First of all, there never was a drug epidemic when the Nixon Justice Department declared its dirty little war. More Americans—1,824—died falling down stairs in 1969 than perished from every illegal drug combined, and twice as many choked to death on food. As many died from gun accidents in 1971, while ten times more committed suicide. Not to mention a 1972 body count of 33,000 cirrhosed livers and 55,000 highway accidents, mostly alcohol-related, and not even to think about cigarettes—which, in 1989 when Bill B. was trying to kick his habit, killed 395,000, whereas coke killed 3,618 (or not as many as anterior horn cell disease). Nobody dies from smoking marijuana. Nor is there any evidence that it's a "gateway" drug to stronger stuff. And if it weren't criminal to toke up, there wouldn't be 11 million "regular" (monthly) users of illegal drugs in the United States; there would be 2 million, about 350,000 of them cokeheads.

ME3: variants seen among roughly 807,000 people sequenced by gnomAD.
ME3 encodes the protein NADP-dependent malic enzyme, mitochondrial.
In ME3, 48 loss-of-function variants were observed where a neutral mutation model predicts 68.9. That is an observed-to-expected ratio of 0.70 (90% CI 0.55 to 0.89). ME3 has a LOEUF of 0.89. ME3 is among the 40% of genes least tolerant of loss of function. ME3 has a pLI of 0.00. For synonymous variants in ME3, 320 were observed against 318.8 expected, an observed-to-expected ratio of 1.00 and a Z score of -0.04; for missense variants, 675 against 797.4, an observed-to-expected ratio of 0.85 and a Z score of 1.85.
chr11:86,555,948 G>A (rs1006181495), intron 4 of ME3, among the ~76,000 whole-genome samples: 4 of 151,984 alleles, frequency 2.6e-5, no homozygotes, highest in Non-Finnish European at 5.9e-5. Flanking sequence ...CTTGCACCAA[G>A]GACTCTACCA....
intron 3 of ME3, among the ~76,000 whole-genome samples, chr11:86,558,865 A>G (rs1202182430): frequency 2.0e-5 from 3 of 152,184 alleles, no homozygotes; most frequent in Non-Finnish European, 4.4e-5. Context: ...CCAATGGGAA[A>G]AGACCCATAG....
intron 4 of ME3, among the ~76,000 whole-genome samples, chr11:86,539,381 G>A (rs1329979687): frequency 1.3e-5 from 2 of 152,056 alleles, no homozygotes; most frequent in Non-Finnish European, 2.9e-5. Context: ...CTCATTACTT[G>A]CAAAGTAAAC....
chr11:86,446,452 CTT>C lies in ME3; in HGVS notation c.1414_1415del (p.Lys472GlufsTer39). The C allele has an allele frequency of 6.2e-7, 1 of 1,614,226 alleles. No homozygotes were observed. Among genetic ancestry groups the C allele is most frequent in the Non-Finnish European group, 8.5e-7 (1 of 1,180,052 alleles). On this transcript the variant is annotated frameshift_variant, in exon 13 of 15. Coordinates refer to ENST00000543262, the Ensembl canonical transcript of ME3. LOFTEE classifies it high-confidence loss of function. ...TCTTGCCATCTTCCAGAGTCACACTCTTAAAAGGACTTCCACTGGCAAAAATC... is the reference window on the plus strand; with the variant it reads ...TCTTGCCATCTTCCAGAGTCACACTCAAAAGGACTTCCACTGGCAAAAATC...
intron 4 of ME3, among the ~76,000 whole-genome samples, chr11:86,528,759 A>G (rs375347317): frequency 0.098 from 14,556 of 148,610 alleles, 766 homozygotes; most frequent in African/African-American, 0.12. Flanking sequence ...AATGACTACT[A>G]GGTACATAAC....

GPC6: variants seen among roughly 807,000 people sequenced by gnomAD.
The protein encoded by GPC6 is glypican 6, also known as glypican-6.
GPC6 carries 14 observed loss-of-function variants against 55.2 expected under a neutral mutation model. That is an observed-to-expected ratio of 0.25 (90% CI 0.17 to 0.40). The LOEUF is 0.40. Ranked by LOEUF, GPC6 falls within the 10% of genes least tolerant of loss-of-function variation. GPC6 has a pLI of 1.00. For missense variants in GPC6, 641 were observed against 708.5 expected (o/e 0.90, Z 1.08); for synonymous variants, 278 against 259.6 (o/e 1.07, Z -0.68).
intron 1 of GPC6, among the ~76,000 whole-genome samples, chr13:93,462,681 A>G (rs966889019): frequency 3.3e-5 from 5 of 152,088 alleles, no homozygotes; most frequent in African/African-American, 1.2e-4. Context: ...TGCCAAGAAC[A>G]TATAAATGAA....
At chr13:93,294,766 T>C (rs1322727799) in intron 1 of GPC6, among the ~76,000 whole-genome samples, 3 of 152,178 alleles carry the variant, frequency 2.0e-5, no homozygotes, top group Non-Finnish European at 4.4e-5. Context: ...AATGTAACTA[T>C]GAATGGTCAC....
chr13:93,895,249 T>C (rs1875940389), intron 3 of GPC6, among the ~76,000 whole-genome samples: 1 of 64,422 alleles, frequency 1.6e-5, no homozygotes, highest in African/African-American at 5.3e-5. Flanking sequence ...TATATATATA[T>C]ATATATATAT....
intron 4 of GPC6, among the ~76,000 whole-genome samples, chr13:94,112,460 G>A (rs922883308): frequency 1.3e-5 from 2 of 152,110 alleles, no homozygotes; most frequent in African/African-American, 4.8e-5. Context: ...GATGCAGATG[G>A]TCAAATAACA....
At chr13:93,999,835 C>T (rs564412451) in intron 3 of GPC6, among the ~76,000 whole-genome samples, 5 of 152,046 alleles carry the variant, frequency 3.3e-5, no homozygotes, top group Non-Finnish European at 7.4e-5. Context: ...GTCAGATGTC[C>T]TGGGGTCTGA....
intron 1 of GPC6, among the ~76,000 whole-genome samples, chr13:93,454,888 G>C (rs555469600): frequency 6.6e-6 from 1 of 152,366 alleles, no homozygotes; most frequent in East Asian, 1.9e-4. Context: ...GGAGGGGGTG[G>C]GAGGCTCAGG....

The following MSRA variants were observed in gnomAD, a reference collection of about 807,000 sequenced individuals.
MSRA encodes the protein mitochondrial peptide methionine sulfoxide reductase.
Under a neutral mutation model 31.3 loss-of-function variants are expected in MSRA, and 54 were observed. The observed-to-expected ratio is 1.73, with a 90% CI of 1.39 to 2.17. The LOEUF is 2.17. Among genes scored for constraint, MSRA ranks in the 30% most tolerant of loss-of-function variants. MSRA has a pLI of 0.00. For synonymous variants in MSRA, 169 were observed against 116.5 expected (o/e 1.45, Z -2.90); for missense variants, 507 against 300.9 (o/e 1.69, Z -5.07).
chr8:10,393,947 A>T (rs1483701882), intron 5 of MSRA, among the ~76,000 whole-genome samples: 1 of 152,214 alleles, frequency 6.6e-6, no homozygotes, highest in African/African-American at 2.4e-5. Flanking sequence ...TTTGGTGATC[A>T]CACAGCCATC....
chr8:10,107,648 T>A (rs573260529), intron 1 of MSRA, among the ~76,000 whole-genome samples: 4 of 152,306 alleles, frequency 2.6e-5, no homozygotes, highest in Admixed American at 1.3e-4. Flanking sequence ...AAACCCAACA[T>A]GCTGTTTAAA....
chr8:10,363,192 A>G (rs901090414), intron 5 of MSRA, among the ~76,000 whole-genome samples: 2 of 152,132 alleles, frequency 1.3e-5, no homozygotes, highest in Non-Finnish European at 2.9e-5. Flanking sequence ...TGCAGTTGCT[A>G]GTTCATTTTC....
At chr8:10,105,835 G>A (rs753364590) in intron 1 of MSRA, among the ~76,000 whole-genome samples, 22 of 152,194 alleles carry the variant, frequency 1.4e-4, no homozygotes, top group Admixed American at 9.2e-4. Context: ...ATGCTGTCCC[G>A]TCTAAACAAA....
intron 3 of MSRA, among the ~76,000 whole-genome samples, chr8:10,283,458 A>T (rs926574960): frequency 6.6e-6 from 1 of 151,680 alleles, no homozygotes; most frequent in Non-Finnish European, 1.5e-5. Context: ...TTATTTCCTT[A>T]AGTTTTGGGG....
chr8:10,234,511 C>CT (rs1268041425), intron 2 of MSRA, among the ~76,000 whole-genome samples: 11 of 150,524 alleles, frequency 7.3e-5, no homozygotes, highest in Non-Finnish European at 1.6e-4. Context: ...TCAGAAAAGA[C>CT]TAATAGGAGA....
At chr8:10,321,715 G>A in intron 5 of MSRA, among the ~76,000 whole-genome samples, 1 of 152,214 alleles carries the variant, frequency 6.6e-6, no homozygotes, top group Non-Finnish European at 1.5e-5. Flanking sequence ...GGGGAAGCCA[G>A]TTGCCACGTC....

But declaring war on drugs was Nixon's way of retreating from the L.B.J. War on Poverty. By 1982 the Reaganaut abandonment was full-throttle: budgeting for child nutrition, down 34 percent; urban development grants, down 35; education block grants, down 38; school milk programs, down 78. By the end of Reagan's second term, spending on prisons and police had increased 600 percent, and even local county governments lavished $2 billion more each year on criminal justice than on schools—astonishing, since counties don't pay for imprisonment but finance virtually all K-12 education. Our prison population had doubled, and the proportion of those inside for drugs rose from 1 in 15 to 1 in 3, 85 percent of them for mere possession.